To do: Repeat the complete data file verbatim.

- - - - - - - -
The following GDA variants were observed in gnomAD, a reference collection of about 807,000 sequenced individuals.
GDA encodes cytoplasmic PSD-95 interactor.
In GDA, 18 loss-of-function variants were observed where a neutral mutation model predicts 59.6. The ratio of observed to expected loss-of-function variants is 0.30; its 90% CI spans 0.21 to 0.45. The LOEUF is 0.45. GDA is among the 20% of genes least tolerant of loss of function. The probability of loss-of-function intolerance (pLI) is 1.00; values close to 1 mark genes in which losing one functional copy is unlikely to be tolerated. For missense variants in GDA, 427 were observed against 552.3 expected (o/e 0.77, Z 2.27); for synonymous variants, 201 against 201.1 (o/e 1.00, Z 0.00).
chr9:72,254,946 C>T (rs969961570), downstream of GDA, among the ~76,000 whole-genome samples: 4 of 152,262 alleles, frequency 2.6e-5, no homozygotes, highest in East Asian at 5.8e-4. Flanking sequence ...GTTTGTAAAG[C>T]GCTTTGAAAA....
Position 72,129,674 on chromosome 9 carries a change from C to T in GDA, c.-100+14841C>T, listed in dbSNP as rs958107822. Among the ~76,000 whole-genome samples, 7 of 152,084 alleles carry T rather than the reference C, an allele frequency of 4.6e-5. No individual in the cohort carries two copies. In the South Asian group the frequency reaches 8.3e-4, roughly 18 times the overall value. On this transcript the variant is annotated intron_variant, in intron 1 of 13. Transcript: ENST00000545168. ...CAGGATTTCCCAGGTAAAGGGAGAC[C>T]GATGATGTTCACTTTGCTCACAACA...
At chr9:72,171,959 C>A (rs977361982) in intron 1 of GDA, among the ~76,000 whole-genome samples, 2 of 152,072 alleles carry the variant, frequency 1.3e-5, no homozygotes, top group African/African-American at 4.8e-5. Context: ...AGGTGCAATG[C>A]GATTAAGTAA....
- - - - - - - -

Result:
The following GDA variants were observed in gnomAD, a reference collection of about 807,000 sequenced individuals.
GDA encodes cytoplasmic PSD-95 interactor.
In GDA, 18 loss-of-function variants were observed where a neutral mutation model predicts 59.6. The ratio of observed to expected loss-of-function variants is 0.30; its 90% CI spans 0.21 to 0.45. The LOEUF is 0.45. GDA is among the 20% of genes least tolerant of loss of function. The probability of loss-of-function intolerance (pLI) is 1.00; values close to 1 mark genes in which losing one functional copy is unlikely to be tolerated. For missense variants in GDA, 427 were observed against 552.3 expected (o/e 0.77, Z 2.27); for synonymous variants, 201 against 201.1 (o/e 1.00, Z 0.00).
chr9:72,254,946 C>T (rs969961570), downstream of GDA, among the ~76,000 whole-genome samples: 4 of 152,262 alleles, frequency 2.6e-5, no homozygotes, highest in East Asian at 5.8e-4. Flanking sequence ...GTTTGTAAAG[C>T]GCTTTGAAAA....
Position 72,129,674 on chromosome 9 carries a change from C to T in GDA, c.-100+14841C>T, listed in dbSNP as rs958107822. Among the ~76,000 whole-genome samples, 7 of 152,084 alleles carry T rather than the reference C, an allele frequency of 4.6e-5. No individual in the cohort carries two copies. In the South Asian group the frequency reaches 8.3e-4, roughly 18 times the overall value. On this transcript the variant is annotated intron_variant, in intron 1 of 13. Transcript: ENST00000545168. ...CAGGATTTCCCAGGTAAAGGGAGAC[C>T]GATGATGTTCACTTTGCTCACAACA...
At chr9:72,171,959 C>A (rs977361982) in intron 1 of GDA, among the ~76,000 whole-genome samples, 2 of 152,072 alleles carry the variant, frequency 1.3e-5, no homozygotes, top group African/African-American at 4.8e-5. Context: ...AGGTGCAATG[C>A]GATTAAGTAA....